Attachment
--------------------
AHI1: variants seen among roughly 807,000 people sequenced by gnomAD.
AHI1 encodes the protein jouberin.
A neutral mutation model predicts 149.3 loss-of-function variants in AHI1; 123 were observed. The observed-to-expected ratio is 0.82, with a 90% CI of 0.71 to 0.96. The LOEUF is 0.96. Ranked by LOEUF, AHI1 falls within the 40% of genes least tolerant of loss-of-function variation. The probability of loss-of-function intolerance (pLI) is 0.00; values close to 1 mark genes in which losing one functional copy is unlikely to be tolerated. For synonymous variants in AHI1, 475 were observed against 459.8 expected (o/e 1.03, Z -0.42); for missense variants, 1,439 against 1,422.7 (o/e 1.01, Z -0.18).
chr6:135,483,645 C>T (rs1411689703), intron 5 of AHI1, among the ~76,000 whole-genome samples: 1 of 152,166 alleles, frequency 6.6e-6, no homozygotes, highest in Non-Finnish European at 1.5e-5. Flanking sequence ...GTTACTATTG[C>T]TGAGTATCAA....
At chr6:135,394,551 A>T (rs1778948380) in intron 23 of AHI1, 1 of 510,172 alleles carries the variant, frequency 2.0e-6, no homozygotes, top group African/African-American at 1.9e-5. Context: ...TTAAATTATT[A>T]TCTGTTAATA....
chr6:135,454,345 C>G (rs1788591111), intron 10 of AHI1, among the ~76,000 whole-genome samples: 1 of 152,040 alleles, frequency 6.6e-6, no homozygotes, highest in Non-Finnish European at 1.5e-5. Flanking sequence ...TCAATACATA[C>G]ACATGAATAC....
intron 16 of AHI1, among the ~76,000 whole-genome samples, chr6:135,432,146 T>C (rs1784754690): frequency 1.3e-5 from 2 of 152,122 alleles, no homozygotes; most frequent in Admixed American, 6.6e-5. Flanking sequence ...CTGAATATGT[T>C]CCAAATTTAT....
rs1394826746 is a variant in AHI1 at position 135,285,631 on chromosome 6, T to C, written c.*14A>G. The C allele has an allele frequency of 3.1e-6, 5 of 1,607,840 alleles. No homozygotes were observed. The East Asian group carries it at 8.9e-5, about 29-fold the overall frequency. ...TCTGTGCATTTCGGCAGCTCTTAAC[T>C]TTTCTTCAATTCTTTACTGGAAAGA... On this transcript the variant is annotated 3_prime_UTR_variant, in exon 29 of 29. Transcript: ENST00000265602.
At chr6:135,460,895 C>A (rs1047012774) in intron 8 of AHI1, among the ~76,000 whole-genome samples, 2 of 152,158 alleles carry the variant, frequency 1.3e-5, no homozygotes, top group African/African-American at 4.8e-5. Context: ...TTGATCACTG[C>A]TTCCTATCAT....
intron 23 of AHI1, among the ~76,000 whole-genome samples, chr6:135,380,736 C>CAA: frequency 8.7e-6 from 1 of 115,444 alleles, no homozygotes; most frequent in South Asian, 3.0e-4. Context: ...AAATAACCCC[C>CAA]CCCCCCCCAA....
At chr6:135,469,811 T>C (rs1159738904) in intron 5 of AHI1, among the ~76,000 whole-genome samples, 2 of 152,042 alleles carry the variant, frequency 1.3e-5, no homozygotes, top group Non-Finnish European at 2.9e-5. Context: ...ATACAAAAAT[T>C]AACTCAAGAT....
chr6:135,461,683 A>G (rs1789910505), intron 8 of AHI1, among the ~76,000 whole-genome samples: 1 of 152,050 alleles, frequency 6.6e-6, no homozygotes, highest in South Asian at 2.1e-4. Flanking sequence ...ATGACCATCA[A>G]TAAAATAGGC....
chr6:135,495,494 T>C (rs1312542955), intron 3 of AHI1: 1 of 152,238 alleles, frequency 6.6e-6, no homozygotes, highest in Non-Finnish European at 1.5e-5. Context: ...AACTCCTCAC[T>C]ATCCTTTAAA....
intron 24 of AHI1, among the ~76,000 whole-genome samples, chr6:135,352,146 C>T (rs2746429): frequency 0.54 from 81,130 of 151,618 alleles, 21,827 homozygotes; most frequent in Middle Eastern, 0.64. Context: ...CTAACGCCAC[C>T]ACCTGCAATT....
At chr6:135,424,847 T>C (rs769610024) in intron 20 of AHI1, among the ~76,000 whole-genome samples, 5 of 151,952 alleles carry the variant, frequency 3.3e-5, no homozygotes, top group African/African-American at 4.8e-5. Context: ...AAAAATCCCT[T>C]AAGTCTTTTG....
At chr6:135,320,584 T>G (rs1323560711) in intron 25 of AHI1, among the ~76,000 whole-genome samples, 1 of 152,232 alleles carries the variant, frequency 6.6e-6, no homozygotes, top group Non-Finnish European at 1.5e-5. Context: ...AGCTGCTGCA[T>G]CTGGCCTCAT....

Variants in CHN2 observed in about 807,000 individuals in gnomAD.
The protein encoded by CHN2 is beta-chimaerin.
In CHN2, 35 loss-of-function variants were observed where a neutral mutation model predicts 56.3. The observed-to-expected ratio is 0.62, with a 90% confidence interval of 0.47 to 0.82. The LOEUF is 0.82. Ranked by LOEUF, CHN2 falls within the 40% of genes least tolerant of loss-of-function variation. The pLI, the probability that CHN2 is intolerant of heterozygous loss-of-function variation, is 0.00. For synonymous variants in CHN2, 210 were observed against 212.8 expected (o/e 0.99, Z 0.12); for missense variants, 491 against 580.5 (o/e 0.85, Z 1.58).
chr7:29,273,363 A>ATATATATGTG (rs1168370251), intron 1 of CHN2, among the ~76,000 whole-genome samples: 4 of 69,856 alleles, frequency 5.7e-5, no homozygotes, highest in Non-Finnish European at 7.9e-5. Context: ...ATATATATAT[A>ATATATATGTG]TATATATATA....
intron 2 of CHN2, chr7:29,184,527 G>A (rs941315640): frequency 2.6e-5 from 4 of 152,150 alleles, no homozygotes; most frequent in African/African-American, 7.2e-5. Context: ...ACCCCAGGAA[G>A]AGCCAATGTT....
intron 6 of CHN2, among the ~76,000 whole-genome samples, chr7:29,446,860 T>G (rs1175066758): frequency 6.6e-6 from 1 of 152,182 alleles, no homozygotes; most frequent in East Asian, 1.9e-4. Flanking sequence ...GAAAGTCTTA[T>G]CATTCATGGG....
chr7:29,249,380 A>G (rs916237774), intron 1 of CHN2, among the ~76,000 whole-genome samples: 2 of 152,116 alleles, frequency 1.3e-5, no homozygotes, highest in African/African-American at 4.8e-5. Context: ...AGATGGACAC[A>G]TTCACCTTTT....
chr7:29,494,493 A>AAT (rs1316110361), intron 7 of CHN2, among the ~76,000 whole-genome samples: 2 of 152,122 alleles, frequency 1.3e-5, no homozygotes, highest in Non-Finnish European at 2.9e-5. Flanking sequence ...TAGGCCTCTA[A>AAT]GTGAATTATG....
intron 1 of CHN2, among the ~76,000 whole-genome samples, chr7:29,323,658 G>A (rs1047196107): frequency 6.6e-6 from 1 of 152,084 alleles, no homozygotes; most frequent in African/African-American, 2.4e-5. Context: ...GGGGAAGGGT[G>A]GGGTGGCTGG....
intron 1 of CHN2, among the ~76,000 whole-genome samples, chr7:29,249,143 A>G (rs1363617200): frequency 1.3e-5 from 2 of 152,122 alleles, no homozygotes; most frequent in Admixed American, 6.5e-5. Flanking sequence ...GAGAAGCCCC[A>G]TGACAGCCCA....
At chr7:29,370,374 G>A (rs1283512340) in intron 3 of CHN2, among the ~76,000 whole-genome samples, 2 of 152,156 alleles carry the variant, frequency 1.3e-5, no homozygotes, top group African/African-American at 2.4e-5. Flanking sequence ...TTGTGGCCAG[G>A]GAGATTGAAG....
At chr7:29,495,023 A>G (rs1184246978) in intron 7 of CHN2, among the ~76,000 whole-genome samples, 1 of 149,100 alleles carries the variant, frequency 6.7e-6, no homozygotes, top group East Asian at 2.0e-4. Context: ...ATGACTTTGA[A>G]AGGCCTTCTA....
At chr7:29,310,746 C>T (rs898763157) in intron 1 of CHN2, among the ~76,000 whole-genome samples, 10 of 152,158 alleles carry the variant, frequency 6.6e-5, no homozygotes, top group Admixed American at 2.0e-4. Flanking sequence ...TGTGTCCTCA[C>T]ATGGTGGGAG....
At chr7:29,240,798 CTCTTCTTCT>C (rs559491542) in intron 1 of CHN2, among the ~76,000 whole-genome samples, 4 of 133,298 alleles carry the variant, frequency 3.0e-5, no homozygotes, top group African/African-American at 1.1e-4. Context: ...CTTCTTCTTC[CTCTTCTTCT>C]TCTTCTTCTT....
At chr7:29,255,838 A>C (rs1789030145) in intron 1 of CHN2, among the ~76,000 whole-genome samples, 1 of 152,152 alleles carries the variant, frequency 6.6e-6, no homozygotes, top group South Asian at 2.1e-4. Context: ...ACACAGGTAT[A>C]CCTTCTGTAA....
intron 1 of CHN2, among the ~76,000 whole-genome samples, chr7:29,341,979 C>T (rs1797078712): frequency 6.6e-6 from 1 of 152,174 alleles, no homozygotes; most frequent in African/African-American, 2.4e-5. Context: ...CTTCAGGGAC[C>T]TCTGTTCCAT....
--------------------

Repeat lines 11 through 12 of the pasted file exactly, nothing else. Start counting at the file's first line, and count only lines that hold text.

At chr6:135,469,811 T>C (rs1159738904) in intron 5 of AHI1, among the ~76,000 whole-genome samples, 2 of 152,042 alleles carry the variant, frequency 1.3e-5, no homozygotes, top group Non-Finnish European at 2.9e-5. Context: ...ATACAAAAAT[T>C]AACTCAAGAT....
chr6:135,461,683 A>G (rs1789910505), intron 8 of AHI1, among the ~76,000 whole-genome samples: 1 of 152,050 alleles, frequency 6.6e-6, no homozygotes, highest in South Asian at 2.1e-4. Flanking sequence ...ATGACCATCA[A>G]TAAAATAGGC....